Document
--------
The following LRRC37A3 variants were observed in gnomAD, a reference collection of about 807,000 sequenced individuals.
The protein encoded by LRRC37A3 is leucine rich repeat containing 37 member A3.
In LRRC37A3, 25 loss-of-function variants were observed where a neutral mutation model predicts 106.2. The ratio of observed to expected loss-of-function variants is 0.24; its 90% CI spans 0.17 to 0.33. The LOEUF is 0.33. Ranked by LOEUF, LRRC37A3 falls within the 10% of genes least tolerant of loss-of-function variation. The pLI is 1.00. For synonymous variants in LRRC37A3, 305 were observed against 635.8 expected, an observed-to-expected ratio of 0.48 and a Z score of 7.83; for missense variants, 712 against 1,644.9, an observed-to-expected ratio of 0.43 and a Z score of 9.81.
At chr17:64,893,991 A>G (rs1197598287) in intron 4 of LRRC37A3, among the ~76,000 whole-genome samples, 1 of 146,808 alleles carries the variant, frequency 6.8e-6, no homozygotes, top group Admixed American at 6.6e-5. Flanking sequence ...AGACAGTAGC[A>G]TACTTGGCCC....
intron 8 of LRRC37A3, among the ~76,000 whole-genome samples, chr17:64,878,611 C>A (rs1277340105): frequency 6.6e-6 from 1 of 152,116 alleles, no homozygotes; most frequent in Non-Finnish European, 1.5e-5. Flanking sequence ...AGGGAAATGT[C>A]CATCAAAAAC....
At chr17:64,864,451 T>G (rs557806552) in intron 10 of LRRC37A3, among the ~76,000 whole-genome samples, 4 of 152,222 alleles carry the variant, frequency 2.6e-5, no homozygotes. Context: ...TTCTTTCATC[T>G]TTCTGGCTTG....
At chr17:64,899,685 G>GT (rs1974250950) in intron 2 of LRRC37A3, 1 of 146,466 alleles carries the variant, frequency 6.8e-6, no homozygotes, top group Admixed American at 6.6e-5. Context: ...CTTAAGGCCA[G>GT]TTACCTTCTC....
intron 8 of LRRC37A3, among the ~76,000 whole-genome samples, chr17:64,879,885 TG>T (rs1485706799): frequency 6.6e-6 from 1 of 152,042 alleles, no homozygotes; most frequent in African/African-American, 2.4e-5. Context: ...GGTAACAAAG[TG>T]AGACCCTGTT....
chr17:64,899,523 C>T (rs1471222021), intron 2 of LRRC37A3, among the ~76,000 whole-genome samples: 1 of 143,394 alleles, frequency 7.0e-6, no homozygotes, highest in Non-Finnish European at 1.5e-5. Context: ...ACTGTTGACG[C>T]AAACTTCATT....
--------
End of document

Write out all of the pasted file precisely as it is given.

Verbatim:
The following LRRC37A3 variants were observed in gnomAD, a reference collection of about 807,000 sequenced individuals.
The protein encoded by LRRC37A3 is leucine rich repeat containing 37 member A3.
In LRRC37A3, 25 loss-of-function variants were observed where a neutral mutation model predicts 106.2. The ratio of observed to expected loss-of-function variants is 0.24; its 90% CI spans 0.17 to 0.33. The LOEUF is 0.33. Ranked by LOEUF, LRRC37A3 falls within the 10% of genes least tolerant of loss-of-function variation. The pLI is 1.00. For synonymous variants in LRRC37A3, 305 were observed against 635.8 expected, an observed-to-expected ratio of 0.48 and a Z score of 7.83; for missense variants, 712 against 1,644.9, an observed-to-expected ratio of 0.43 and a Z score of 9.81.
At chr17:64,893,991 A>G (rs1197598287) in intron 4 of LRRC37A3, among the ~76,000 whole-genome samples, 1 of 146,808 alleles carries the variant, frequency 6.8e-6, no homozygotes, top group Admixed American at 6.6e-5. Flanking sequence ...AGACAGTAGC[A>G]TACTTGGCCC....
intron 8 of LRRC37A3, among the ~76,000 whole-genome samples, chr17:64,878,611 C>A (rs1277340105): frequency 6.6e-6 from 1 of 152,116 alleles, no homozygotes; most frequent in Non-Finnish European, 1.5e-5. Flanking sequence ...AGGGAAATGT[C>A]CATCAAAAAC....
At chr17:64,864,451 T>G (rs557806552) in intron 10 of LRRC37A3, among the ~76,000 whole-genome samples, 4 of 152,222 alleles carry the variant, frequency 2.6e-5, no homozygotes. Context: ...TTCTTTCATC[T>G]TTCTGGCTTG....
At chr17:64,899,685 G>GT (rs1974250950) in intron 2 of LRRC37A3, 1 of 146,466 alleles carries the variant, frequency 6.8e-6, no homozygotes, top group Admixed American at 6.6e-5. Context: ...CTTAAGGCCA[G>GT]TTACCTTCTC....
intron 8 of LRRC37A3, among the ~76,000 whole-genome samples, chr17:64,879,885 TG>T (rs1485706799): frequency 6.6e-6 from 1 of 152,042 alleles, no homozygotes; most frequent in African/African-American, 2.4e-5. Context: ...GGTAACAAAG[TG>T]AGACCCTGTT....
chr17:64,899,523 C>T (rs1471222021), intron 2 of LRRC37A3, among the ~76,000 whole-genome samples: 1 of 143,394 alleles, frequency 7.0e-6, no homozygotes, highest in Non-Finnish European at 1.5e-5. Context: ...ACTGTTGACG[C>T]AAACTTCATT....